This utilizes the svf_AgReplicaState function shown above, you could easily change that to check using the database name instead by calling the other function.
From within the only step of the proxy job, you call it like this:
This utilizes Tokens as shown here and here to get at the current job’s id. The procedure then gets the current job name from msdb, appends worker to it and starts the worker job using sp_start_job .
While this is still not ideal, it keeps the job logs more tidy and maintainable than the previous option. Also, you can always have the proxy job run with a sysadmin user, so adding any extra permissions isn’t necessary.
Rather than doing this on a per job basis (checking every job for the state of the server before deciding to continue), I’ve created a job running on both servers to check to see what state the server is in.
- If its primary, then enable any job that has a step targeting a database in the AG.
- If the server is secondary, disable any job targeting a database in the AG.
This approach provides a number of things
- it works on servers where there are no databases in AG (or a mix of Db’s in/out of AGs)
- anyone can create a new job and not have to worry about whether the db is in an AG (although they do have to remember to add the job to the other server)
- Allows each job to have a failure email that remains useful (all your jobs have failure emails right?)
- When viewing the history of a job, you actually get to see whether the job actually ran and did something (this being the primary), rather than seeing a long list of success that actually didn’t run anything (on the secondary)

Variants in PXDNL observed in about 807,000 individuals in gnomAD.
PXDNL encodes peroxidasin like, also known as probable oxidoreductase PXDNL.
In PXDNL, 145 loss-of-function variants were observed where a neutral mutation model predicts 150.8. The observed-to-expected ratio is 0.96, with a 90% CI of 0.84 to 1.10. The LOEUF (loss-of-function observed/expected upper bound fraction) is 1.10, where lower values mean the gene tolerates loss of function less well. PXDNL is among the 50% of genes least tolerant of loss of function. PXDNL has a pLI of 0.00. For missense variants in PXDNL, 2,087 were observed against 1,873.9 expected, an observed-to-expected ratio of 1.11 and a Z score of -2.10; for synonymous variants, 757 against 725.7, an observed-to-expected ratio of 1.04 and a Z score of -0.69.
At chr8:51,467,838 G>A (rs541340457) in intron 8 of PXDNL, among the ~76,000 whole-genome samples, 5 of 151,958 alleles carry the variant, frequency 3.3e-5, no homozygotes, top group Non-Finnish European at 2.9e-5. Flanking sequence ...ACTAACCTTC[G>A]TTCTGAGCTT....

This proc is executed every 15 mins on each server. (has the added bonus of appending a comment to inform people why the job was disabled)
Its not fool proof, but for overnight loads and hourly jobs it gets the job done.
answered May 10 ’16 at 20:47
I like this idea even better than my own approach, +1. Couldn t you have posted this three years ago? 😉 takrl Dec 19 ’16 at 12:47
Another way is to insert a step in each job, which should run first, with the following code:
Set this step to continue with the next step on success, and to quit the job reporting success on a failure.
I find it cleaner to add an extra step instead of adding extra logic to an existing step.
It is always better to create a new Job Step which checks if it is a Primary Replica then everything is fine to continue with the job execution else if it is a Secondary Replica then Stop the job. Do not fail the job else it will keep sending unnecessary notifications. Instead stop the job so that it is cancelled and no notifications are sent out whenever these jobs are executed on the Secondary Replica.
Below is the script to add a first step for a specific job.
Note to execute the script:
- Replace ‘XXXXXXXXXXXXXXXXXXXXXXXXXXXXXXXXXXXXX’ with Job_ID
- Replace ‘YYYYYYYYYYYYYYYYYYYYYYYYYY’ with Job_Name
Also note that this script should work well even on those servers which do not have availability groups. Will execute only for SQL Server versions 2012 and beyond.
answered May 30 at 5:28